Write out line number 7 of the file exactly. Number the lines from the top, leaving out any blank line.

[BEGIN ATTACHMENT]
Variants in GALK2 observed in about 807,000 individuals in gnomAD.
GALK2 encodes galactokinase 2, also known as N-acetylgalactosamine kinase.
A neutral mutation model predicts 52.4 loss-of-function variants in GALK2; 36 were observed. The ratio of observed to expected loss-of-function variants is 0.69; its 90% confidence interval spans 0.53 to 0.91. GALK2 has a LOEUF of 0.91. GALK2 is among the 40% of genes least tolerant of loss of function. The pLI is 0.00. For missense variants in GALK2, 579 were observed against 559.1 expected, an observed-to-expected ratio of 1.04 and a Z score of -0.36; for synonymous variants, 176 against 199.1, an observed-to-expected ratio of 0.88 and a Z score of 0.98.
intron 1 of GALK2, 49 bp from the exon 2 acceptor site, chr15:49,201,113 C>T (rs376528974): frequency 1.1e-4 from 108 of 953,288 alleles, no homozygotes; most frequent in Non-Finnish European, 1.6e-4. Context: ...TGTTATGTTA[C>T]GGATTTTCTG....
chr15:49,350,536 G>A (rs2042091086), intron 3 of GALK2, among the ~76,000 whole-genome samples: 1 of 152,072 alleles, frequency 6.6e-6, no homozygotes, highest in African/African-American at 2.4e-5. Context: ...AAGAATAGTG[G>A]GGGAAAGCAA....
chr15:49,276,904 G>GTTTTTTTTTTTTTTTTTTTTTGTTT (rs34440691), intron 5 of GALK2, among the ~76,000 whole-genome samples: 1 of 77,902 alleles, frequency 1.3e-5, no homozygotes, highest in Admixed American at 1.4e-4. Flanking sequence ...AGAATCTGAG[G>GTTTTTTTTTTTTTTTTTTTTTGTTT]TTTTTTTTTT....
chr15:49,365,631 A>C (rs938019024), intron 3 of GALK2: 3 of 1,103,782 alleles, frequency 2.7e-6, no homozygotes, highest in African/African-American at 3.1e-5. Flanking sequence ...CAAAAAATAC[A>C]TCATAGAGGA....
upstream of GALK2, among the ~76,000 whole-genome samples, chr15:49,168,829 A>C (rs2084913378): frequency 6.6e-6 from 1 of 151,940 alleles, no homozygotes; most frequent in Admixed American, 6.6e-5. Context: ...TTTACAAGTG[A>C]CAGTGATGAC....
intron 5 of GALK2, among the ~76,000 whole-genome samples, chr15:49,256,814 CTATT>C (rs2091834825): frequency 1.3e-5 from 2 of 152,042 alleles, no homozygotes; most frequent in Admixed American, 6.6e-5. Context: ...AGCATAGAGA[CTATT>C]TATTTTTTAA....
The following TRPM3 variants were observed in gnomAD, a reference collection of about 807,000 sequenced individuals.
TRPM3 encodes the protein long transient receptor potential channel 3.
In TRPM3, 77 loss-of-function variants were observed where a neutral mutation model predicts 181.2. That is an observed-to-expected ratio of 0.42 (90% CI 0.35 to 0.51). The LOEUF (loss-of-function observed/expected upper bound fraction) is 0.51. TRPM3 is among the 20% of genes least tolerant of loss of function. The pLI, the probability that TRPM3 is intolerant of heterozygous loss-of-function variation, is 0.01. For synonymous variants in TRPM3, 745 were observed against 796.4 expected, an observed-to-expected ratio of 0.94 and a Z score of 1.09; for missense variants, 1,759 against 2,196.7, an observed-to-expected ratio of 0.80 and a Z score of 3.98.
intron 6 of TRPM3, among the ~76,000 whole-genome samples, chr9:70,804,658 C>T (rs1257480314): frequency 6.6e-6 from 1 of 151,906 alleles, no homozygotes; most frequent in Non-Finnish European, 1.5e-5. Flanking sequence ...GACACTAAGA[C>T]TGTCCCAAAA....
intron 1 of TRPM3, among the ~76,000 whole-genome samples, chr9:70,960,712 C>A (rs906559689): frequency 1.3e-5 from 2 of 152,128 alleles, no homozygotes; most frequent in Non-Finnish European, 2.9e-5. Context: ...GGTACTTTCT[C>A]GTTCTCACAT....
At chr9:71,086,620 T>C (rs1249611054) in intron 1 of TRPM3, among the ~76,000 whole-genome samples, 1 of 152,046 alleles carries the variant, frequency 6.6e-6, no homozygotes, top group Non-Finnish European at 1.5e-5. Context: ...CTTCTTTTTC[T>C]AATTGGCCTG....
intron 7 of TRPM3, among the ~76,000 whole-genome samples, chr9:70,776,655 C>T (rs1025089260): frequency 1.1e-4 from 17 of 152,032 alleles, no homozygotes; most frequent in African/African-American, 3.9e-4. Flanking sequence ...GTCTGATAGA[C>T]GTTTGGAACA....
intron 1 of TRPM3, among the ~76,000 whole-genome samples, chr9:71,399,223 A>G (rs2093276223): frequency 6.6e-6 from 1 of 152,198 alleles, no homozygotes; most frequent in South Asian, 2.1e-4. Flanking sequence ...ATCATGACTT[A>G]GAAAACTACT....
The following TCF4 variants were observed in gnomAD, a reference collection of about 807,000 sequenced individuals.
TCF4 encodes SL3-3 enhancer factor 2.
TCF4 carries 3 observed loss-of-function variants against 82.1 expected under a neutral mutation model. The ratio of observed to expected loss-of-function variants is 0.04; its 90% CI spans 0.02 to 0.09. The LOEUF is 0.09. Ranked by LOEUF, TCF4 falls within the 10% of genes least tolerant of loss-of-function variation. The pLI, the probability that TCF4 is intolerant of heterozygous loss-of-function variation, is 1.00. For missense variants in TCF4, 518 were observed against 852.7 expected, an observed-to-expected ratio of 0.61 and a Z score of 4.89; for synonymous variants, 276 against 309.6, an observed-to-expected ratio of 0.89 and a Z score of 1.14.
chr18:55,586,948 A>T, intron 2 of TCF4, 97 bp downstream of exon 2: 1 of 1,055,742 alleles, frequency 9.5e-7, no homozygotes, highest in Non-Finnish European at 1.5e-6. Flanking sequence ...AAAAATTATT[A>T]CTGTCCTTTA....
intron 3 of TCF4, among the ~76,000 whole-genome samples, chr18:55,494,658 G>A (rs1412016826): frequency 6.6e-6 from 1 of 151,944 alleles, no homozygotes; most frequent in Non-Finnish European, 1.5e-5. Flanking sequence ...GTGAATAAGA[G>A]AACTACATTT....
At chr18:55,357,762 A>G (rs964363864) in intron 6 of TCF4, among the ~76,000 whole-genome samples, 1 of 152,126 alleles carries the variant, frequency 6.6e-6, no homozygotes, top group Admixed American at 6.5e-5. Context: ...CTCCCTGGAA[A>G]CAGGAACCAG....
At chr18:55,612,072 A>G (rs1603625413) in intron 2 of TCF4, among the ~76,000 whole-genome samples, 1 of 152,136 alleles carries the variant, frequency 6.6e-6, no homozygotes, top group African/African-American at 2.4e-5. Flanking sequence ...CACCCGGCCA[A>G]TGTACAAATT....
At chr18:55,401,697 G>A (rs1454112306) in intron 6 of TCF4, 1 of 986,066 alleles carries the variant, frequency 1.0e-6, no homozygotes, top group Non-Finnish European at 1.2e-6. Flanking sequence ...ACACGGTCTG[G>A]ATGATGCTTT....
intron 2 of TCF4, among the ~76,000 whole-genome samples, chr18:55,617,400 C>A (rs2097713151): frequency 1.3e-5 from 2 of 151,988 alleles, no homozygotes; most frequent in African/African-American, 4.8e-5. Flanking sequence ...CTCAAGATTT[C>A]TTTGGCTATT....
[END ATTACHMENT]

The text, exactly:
chr15:49,365,631 A>C (rs938019024), intron 3 of GALK2: 3 of 1,103,782 alleles, frequency 2.7e-6, no homozygotes, highest in African/African-American at 3.1e-5. Flanking sequence ...CAAAAAATAC[A>C]TCATAGAGGA....